VONNE recently hosted a workshop to help VCSE organisations think through the many considerations of returning teams safely to an office environment and continuing to deliver services to people who need them during the transition.
This blog post provides an overview of the key points raised by, Andrew Willson of Absolute Quality Consultancy and Training, who worked with us to deliver the session, and explains what we’re doing to help organisations in their planning.
We’re not going ‘back to normal’ anytime soon
The Covid-19 vaccine rollout – and the fact the North East is vaccinating priority groups at pace – has provided much needed hope, but restrictions on what we do and how we do it are likely to remain throughout 2021. We need to find ways of working with the backdrop of Covid-19, even once the latest lockdown restrictions begin to ease.
This is a project like any other
Treat this as you would any other project:
- Decide who is responsible; in most cases this will be the Chief Executive, and who will manage the risk assessment and keep up to date with changing government guidance.
- Set clear objectives for each phase.
- Develop an action plan, and then,
- Communicate effectively with your team, volunteers and the people you support, so everyone understands what to expect, and what is expected of them.
Making it manageable - four principles
- Focus only on essential processes to start with
- Focus on things that add safety and value
- Control your environment
- Review and improve as you go
Official guidance should underpin all decisions, focused on eight priority actions to protect staff and service users for a phased, planned and controlled return to a premises-based work environment.
Complete a risk assessment
Within this, consider who should be on site and minimise the number of people in one place at any one time. Minimise risk through the thorough cleaning of premises, workspaces and hands according to up to date guidance, ensuring safe ventilation and space for social distancing, and by controlling the movement of people around your workspace. Try to hold meetings in larger spaces and if this isn’t possible, think about walking or standing meetings or holding more frequent but smaller briefings instead.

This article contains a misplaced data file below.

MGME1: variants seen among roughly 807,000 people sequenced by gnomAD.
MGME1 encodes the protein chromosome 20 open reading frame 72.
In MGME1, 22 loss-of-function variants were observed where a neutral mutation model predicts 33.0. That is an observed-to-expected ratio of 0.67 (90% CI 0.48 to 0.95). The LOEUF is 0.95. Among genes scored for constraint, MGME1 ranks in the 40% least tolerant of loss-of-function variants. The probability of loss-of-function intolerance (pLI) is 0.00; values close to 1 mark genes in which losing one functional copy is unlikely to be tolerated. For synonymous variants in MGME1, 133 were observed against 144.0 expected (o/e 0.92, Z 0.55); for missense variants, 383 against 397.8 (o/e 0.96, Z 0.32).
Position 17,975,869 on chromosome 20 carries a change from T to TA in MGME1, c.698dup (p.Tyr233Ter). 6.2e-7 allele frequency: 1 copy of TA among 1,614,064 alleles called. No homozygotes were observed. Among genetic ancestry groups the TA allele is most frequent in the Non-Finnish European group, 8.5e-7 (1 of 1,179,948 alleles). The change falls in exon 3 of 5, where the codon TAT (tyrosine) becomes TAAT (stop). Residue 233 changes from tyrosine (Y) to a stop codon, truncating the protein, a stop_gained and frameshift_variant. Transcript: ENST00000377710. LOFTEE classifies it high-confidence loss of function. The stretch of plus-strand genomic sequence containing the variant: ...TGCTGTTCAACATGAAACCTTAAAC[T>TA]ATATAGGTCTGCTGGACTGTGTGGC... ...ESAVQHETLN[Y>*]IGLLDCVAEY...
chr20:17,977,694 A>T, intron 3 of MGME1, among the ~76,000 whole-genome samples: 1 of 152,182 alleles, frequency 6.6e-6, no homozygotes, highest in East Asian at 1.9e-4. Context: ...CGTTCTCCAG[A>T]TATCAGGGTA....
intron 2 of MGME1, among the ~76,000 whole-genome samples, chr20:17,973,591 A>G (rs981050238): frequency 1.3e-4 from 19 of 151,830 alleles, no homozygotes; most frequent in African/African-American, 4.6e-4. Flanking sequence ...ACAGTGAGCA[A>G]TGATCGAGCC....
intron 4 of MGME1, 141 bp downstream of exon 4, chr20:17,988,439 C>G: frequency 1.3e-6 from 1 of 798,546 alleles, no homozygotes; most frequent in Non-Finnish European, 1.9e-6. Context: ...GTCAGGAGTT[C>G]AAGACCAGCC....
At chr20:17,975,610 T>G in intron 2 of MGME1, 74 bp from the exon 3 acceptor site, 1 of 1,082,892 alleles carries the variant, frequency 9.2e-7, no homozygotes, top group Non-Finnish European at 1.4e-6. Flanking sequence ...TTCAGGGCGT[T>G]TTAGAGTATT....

It’s also vital to ensure fairness and equality in your risk assessment, so you must be consistent and transparent in your decisions, which should involve your team.
Share completed risk assessments with board members, staff, volunteers, service users and visitors. You can display the Government Covid Secure Notice, but it's also worth thinking creatively about how to communicating the preparations you’ve made. For example, could you record a video walk through the office on your phone to help people understand what to expect when they arrive?
If you’re not currently working in your usual environment, think about a deep clean before you return and rota more frequent cleaning of all spaces. Provide the correct materials for the job and encourage people to wash their hands more regularly, through signage and by providing hand sanitiser, and to clean their desks at the beginning and end of each day. Have a strict ‘clear desk’ policy, encourage decluttering and remove shared kitchen equipment – all of which makes cleaning easier and provides fewer opportunities for contamination.
Changing signs around the office regularly – whether words or colours – can prevent people from becoming too used to messages to take them in.
Self-screening, track and trace
Consider asking your staff to self-screen daily to ensure no one who is symptomatic comes into work. Visitors can also be asked to complete a self-screening declaration – both before they arrive and on arrival.
Keep records to support track and trace; for some organisations this is a legal requirement.
Make sure you know what to do in the event of an outbreak before it occurs. You may need to liaise with public health, so agree a named single point of contact. More information and a series of action cards on this are available from gov.uk.
To prevent your whole team needing to isolate if someone does contract Covid, where possible split your workforce into cells (think about First Aiders, fire wardens etc) and keep them separated so you can still have one cell operational if another needs to isolate.
It is daunting having to consider such a large number of requirements and information, but by being informed and focusing on the planning stage it’s possible to build a new normal and continue to operate successfully despite Covid-19.